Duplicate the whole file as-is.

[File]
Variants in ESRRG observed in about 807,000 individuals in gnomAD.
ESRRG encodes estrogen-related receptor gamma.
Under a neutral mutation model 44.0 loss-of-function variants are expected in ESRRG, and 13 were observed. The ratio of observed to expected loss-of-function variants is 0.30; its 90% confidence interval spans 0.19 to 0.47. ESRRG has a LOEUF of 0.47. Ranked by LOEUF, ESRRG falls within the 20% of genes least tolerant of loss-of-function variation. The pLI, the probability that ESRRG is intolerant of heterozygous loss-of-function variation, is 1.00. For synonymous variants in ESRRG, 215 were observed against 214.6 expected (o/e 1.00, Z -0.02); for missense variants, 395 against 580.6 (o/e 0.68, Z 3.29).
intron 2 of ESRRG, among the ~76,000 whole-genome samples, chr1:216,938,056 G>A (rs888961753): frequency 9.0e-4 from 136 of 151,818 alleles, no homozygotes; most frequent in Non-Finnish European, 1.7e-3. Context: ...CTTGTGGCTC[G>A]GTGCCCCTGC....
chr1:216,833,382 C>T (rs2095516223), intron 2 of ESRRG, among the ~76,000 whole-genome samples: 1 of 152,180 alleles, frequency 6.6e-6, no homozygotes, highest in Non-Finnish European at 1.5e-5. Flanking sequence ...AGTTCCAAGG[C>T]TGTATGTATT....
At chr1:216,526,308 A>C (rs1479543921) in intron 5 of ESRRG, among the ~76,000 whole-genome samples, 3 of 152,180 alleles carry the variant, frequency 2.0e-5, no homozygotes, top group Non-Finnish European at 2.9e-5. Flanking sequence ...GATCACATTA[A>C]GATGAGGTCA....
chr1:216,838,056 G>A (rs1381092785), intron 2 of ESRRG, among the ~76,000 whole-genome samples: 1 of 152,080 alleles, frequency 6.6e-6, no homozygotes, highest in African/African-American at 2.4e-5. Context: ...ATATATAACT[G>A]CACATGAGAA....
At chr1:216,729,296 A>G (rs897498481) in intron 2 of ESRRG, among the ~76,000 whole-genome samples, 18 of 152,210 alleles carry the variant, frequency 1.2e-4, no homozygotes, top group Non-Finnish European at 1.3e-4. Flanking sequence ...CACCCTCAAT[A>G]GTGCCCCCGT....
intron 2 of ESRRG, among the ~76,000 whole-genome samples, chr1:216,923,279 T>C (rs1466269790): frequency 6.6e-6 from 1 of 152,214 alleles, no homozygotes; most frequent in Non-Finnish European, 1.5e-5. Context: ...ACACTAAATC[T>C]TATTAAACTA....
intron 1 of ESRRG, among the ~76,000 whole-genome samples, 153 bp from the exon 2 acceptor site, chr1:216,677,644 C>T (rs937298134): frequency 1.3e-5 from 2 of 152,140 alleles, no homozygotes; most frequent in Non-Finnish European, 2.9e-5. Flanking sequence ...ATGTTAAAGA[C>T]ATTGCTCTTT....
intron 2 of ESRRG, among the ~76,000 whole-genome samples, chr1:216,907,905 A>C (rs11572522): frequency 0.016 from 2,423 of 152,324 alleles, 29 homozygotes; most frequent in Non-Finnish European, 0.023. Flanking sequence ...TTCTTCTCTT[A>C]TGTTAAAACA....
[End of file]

Variants in ESRRG observed in about 807,000 individuals in gnomAD.
ESRRG encodes estrogen-related receptor gamma.
Under a neutral mutation model 44.0 loss-of-function variants are expected in ESRRG, and 13 were observed. The ratio of observed to expected loss-of-function variants is 0.30; its 90% confidence interval spans 0.19 to 0.47. ESRRG has a LOEUF of 0.47. Ranked by LOEUF, ESRRG falls within the 20% of genes least tolerant of loss-of-function variation. The pLI, the probability that ESRRG is intolerant of heterozygous loss-of-function variation, is 1.00. For synonymous variants in ESRRG, 215 were observed against 214.6 expected (o/e 1.00, Z -0.02); for missense variants, 395 against 580.6 (o/e 0.68, Z 3.29).
intron 2 of ESRRG, among the ~76,000 whole-genome samples, chr1:216,938,056 G>A (rs888961753): frequency 9.0e-4 from 136 of 151,818 alleles, no homozygotes; most frequent in Non-Finnish European, 1.7e-3. Context: ...CTTGTGGCTC[G>A]GTGCCCCTGC....
chr1:216,833,382 C>T (rs2095516223), intron 2 of ESRRG, among the ~76,000 whole-genome samples: 1 of 152,180 alleles, frequency 6.6e-6, no homozygotes, highest in Non-Finnish European at 1.5e-5. Flanking sequence ...AGTTCCAAGG[C>T]TGTATGTATT....
At chr1:216,526,308 A>C (rs1479543921) in intron 5 of ESRRG, among the ~76,000 whole-genome samples, 3 of 152,180 alleles carry the variant, frequency 2.0e-5, no homozygotes, top group Non-Finnish European at 2.9e-5. Flanking sequence ...GATCACATTA[A>C]GATGAGGTCA....
chr1:216,838,056 G>A (rs1381092785), intron 2 of ESRRG, among the ~76,000 whole-genome samples: 1 of 152,080 alleles, frequency 6.6e-6, no homozygotes, highest in African/African-American at 2.4e-5. Context: ...ATATATAACT[G>A]CACATGAGAA....
At chr1:216,729,296 A>G (rs897498481) in intron 2 of ESRRG, among the ~76,000 whole-genome samples, 18 of 152,210 alleles carry the variant, frequency 1.2e-4, no homozygotes, top group Non-Finnish European at 1.3e-4. Flanking sequence ...CACCCTCAAT[A>G]GTGCCCCCGT....
intron 2 of ESRRG, among the ~76,000 whole-genome samples, chr1:216,923,279 T>C (rs1466269790): frequency 6.6e-6 from 1 of 152,214 alleles, no homozygotes; most frequent in Non-Finnish European, 1.5e-5. Context: ...ACACTAAATC[T>C]TATTAAACTA....
intron 1 of ESRRG, among the ~76,000 whole-genome samples, 153 bp from the exon 2 acceptor site, chr1:216,677,644 C>T (rs937298134): frequency 1.3e-5 from 2 of 152,140 alleles, no homozygotes; most frequent in Non-Finnish European, 2.9e-5. Flanking sequence ...ATGTTAAAGA[C>T]ATTGCTCTTT....
intron 2 of ESRRG, among the ~76,000 whole-genome samples, chr1:216,907,905 A>C (rs11572522): frequency 0.016 from 2,423 of 152,324 alleles, 29 homozygotes; most frequent in Non-Finnish European, 0.023. Flanking sequence ...TTCTTCTCTT[A>C]TGTTAAAACA....